Transforming a building more than 230 years old was never going to be an easy task.
So it’s little surprise that the multi-million pound project to turn the Piece Hall into the Milan of the North has overrun by 18 months.
Challenges along the way were only to be expected and it didn’t help when an ancient burial ground was discovered. Asbestos was also found in two areas as the work neared completion and unsuitable dry-stone wall foundations were unearthed.
The Piece Hall was originally built in 1779 as a Cloth Hall for the trading of ‘pieces’ of cloth. Astonishingly, for such an enormous building created at vast expense it only opened for two hours of trading every Saturday from noon to 2pm.
When finished The Piece Hall will include shops, cafés, bars, office space, restaurants, conference facilities, meeting rooms and a landscaped courtyard.
The idea is to create a 21st century town square complete with a commitment to feature events and festivals all year round.
When it opened on 1 January 1779 there were 315 separate rooms arranged around a vast, central open courtyard.
Originally businessmen flocked to Halifax to buy their cloth here. However, in the following century, Halifax was caught out by the movement of the textile trade which moved down the road to Bradford.
Instead it became a wholesale fruit and vegetable market complete with outlandish, crowd-pleasing stunts.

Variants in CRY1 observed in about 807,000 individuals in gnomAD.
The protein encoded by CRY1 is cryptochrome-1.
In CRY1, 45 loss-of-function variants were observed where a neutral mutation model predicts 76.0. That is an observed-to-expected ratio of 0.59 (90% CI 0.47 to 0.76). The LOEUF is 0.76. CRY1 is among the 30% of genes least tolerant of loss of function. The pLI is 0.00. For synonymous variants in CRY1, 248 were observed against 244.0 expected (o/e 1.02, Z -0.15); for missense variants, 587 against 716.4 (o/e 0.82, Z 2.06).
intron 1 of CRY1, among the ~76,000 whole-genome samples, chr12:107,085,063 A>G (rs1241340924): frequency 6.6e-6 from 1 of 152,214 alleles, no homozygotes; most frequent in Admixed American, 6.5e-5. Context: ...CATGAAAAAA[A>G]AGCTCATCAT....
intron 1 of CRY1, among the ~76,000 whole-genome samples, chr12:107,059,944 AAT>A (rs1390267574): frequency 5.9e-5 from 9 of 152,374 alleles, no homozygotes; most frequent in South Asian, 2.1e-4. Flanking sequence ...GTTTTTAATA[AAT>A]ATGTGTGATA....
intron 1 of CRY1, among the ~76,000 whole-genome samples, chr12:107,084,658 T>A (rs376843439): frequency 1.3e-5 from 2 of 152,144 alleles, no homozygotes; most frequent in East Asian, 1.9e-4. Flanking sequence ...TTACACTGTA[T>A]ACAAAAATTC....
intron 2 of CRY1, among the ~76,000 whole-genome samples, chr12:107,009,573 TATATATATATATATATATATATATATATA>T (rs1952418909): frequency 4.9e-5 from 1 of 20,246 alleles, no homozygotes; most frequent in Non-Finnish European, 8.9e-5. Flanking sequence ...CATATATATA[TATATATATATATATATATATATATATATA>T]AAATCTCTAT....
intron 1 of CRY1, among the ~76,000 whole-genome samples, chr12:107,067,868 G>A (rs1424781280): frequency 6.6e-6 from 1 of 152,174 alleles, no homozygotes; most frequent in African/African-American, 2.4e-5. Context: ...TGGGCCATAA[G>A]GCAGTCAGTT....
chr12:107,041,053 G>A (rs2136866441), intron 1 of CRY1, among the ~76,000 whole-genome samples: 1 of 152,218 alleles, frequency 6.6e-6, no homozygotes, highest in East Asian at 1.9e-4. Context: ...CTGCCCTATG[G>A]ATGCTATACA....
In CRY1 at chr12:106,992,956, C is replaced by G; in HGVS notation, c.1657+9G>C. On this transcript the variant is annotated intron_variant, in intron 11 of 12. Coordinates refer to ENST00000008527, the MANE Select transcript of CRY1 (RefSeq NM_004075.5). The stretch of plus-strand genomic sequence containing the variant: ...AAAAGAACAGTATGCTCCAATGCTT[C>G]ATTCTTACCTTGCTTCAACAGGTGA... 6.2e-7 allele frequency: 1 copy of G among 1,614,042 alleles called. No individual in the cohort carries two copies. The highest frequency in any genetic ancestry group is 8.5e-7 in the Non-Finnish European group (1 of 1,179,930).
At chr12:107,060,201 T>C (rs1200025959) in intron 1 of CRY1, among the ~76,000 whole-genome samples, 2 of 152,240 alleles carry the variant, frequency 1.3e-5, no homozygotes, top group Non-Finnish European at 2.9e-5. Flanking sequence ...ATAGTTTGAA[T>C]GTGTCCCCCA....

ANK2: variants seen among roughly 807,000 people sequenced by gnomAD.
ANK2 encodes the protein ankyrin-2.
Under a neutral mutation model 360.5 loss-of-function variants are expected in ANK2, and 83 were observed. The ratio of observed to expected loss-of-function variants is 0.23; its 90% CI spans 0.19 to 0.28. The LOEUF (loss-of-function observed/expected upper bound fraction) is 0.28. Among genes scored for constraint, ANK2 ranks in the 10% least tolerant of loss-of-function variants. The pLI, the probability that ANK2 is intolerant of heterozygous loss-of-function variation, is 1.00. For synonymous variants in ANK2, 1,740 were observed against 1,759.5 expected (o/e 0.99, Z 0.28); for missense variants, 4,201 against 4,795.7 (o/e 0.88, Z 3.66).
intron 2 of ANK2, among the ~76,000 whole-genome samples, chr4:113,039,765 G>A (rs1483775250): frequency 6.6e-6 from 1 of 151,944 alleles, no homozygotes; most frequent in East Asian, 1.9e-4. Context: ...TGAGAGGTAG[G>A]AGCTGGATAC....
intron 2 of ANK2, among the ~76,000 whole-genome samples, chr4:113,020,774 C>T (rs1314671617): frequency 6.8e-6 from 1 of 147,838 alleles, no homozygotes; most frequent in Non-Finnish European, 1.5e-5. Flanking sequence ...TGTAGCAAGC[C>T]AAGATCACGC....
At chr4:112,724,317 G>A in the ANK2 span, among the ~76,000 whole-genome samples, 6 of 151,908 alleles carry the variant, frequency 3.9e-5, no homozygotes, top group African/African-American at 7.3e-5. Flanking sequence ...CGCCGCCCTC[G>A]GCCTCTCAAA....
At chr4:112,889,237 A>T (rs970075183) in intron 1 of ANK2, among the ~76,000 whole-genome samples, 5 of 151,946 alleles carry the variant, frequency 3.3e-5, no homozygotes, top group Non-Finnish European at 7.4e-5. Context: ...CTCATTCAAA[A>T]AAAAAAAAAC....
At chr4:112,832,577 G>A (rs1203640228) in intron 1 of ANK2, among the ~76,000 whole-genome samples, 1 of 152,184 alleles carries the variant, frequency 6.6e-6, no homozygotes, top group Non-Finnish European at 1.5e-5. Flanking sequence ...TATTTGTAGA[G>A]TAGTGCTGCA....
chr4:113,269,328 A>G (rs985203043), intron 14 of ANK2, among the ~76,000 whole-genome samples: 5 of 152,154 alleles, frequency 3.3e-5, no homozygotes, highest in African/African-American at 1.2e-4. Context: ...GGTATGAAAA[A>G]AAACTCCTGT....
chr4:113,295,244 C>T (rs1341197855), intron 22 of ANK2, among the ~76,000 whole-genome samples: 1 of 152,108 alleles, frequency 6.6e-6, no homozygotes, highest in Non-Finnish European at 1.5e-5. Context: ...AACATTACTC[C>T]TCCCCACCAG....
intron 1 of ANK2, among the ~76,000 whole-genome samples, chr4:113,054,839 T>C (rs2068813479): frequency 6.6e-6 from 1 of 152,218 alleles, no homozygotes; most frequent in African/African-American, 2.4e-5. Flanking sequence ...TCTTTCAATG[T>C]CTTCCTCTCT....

For example, in 1861 a world-famous tightrope walker Charles Blondin, who had recently crossed the Niagara Falls, walked along cables stretched from its cables to the delight of the watching crowds below.
In 1976 the Piece Hall was restored at great expense. There were market stalls dotted across the courtyard and a variety of shops used some of the 315 rooms on the building’s three levels, or galleries.
However, in recent years the Hall has become decidedly down-at-heel and ripe for a renaissance. Whether it fulfils its potential as a Milan of the North remains to be seen.
Its prospects can only be helped though by a huge splurge in spending by Calderdale Council in the town centre area which has seen the runaway success of the £50m Broad Street development while the nearby Grade II* listed Square Chapel is also set for a significant transformation.
In addition a new £9.5 million Central Library and Archive is being built next to the Piece Hall and the Calderdale Industrial Museum, next door to the Hall is set to reopen later this year.